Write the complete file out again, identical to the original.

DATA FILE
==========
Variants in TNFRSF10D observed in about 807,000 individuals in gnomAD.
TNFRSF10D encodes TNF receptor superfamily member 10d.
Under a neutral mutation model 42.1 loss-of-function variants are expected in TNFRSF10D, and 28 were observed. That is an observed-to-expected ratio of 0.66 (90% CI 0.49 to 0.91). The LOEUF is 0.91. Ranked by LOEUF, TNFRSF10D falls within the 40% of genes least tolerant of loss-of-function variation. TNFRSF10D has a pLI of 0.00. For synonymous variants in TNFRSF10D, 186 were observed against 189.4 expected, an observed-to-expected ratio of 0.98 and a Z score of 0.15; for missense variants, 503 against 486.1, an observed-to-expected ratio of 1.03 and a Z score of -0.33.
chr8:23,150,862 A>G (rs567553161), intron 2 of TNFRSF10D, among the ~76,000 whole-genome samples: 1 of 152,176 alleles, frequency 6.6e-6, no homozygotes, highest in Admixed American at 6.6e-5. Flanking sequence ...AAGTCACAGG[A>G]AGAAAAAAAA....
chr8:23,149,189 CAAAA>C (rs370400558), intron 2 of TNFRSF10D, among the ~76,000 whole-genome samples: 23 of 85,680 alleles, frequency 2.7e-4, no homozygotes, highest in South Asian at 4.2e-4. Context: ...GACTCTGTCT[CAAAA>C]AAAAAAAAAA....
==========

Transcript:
Variants in TNFRSF10D observed in about 807,000 individuals in gnomAD.
TNFRSF10D encodes TNF receptor superfamily member 10d.
Under a neutral mutation model 42.1 loss-of-function variants are expected in TNFRSF10D, and 28 were observed. That is an observed-to-expected ratio of 0.66 (90% CI 0.49 to 0.91). The LOEUF is 0.91. Ranked by LOEUF, TNFRSF10D falls within the 40% of genes least tolerant of loss-of-function variation. TNFRSF10D has a pLI of 0.00. For synonymous variants in TNFRSF10D, 186 were observed against 189.4 expected, an observed-to-expected ratio of 0.98 and a Z score of 0.15; for missense variants, 503 against 486.1, an observed-to-expected ratio of 1.03 and a Z score of -0.33.
chr8:23,150,862 A>G (rs567553161), intron 2 of TNFRSF10D, among the ~76,000 whole-genome samples: 1 of 152,176 alleles, frequency 6.6e-6, no homozygotes, highest in Admixed American at 6.6e-5. Flanking sequence ...AAGTCACAGG[A>G]AGAAAAAAAA....
chr8:23,149,189 CAAAA>C (rs370400558), intron 2 of TNFRSF10D, among the ~76,000 whole-genome samples: 23 of 85,680 alleles, frequency 2.7e-4, no homozygotes, highest in South Asian at 4.2e-4. Context: ...GACTCTGTCT[CAAAA>C]AAAAAAAAAA....